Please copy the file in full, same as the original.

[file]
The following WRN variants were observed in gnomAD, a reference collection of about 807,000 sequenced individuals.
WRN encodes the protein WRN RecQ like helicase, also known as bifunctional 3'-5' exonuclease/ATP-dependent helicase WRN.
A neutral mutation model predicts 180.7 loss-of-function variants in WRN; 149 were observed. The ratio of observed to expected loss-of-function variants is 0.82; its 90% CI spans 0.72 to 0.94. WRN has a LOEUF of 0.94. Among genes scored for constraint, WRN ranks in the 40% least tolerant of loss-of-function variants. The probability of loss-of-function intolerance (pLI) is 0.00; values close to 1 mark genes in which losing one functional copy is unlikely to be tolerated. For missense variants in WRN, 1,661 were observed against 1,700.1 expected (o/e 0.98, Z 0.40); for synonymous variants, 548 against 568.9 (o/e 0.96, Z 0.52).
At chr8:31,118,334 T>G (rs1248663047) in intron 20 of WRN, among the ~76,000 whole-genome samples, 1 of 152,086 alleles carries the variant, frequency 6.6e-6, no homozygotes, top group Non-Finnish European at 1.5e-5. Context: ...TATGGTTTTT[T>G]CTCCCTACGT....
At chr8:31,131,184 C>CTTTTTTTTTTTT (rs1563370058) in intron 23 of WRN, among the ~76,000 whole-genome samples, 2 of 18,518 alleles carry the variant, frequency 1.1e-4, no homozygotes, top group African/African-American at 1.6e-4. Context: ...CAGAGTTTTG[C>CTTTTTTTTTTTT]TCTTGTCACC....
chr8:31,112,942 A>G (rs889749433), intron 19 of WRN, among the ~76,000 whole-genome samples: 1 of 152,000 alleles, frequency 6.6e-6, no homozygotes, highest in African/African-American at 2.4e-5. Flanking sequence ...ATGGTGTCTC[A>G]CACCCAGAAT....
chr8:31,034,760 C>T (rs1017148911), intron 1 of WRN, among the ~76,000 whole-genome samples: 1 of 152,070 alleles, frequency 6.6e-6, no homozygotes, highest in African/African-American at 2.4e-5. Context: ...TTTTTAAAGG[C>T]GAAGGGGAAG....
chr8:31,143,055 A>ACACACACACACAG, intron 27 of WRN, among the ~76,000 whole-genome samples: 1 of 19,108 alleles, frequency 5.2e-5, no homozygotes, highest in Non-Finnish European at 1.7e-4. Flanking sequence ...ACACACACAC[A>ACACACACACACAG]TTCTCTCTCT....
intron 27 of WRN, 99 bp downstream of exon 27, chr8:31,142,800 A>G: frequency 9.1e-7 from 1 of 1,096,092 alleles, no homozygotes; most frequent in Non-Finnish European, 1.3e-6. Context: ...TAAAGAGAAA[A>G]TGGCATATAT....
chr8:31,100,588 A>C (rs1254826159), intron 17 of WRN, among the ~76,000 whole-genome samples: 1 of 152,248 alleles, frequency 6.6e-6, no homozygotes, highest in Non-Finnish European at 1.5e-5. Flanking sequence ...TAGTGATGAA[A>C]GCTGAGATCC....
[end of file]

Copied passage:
The following WRN variants were observed in gnomAD, a reference collection of about 807,000 sequenced individuals.
WRN encodes the protein WRN RecQ like helicase, also known as bifunctional 3'-5' exonuclease/ATP-dependent helicase WRN.
A neutral mutation model predicts 180.7 loss-of-function variants in WRN; 149 were observed. The ratio of observed to expected loss-of-function variants is 0.82; its 90% CI spans 0.72 to 0.94. WRN has a LOEUF of 0.94. Among genes scored for constraint, WRN ranks in the 40% least tolerant of loss-of-function variants. The probability of loss-of-function intolerance (pLI) is 0.00; values close to 1 mark genes in which losing one functional copy is unlikely to be tolerated. For missense variants in WRN, 1,661 were observed against 1,700.1 expected (o/e 0.98, Z 0.40); for synonymous variants, 548 against 568.9 (o/e 0.96, Z 0.52).
At chr8:31,118,334 T>G (rs1248663047) in intron 20 of WRN, among the ~76,000 whole-genome samples, 1 of 152,086 alleles carries the variant, frequency 6.6e-6, no homozygotes, top group Non-Finnish European at 1.5e-5. Context: ...TATGGTTTTT[T>G]CTCCCTACGT....
At chr8:31,131,184 C>CTTTTTTTTTTTT (rs1563370058) in intron 23 of WRN, among the ~76,000 whole-genome samples, 2 of 18,518 alleles carry the variant, frequency 1.1e-4, no homozygotes, top group African/African-American at 1.6e-4. Context: ...CAGAGTTTTG[C>CTTTTTTTTTTTT]TCTTGTCACC....
chr8:31,112,942 A>G (rs889749433), intron 19 of WRN, among the ~76,000 whole-genome samples: 1 of 152,000 alleles, frequency 6.6e-6, no homozygotes, highest in African/African-American at 2.4e-5. Flanking sequence ...ATGGTGTCTC[A>G]CACCCAGAAT....
chr8:31,034,760 C>T (rs1017148911), intron 1 of WRN, among the ~76,000 whole-genome samples: 1 of 152,070 alleles, frequency 6.6e-6, no homozygotes, highest in African/African-American at 2.4e-5. Context: ...TTTTTAAAGG[C>T]GAAGGGGAAG....
chr8:31,143,055 A>ACACACACACACAG, intron 27 of WRN, among the ~76,000 whole-genome samples: 1 of 19,108 alleles, frequency 5.2e-5, no homozygotes, highest in Non-Finnish European at 1.7e-4. Flanking sequence ...ACACACACAC[A>ACACACACACACAG]TTCTCTCTCT....
intron 27 of WRN, 99 bp downstream of exon 27, chr8:31,142,800 A>G: frequency 9.1e-7 from 1 of 1,096,092 alleles, no homozygotes; most frequent in Non-Finnish European, 1.3e-6. Context: ...TAAAGAGAAA[A>G]TGGCATATAT....
chr8:31,100,588 A>C (rs1254826159), intron 17 of WRN, among the ~76,000 whole-genome samples: 1 of 152,248 alleles, frequency 6.6e-6, no homozygotes, highest in Non-Finnish European at 1.5e-5. Flanking sequence ...TAGTGATGAA[A>C]GCTGAGATCC....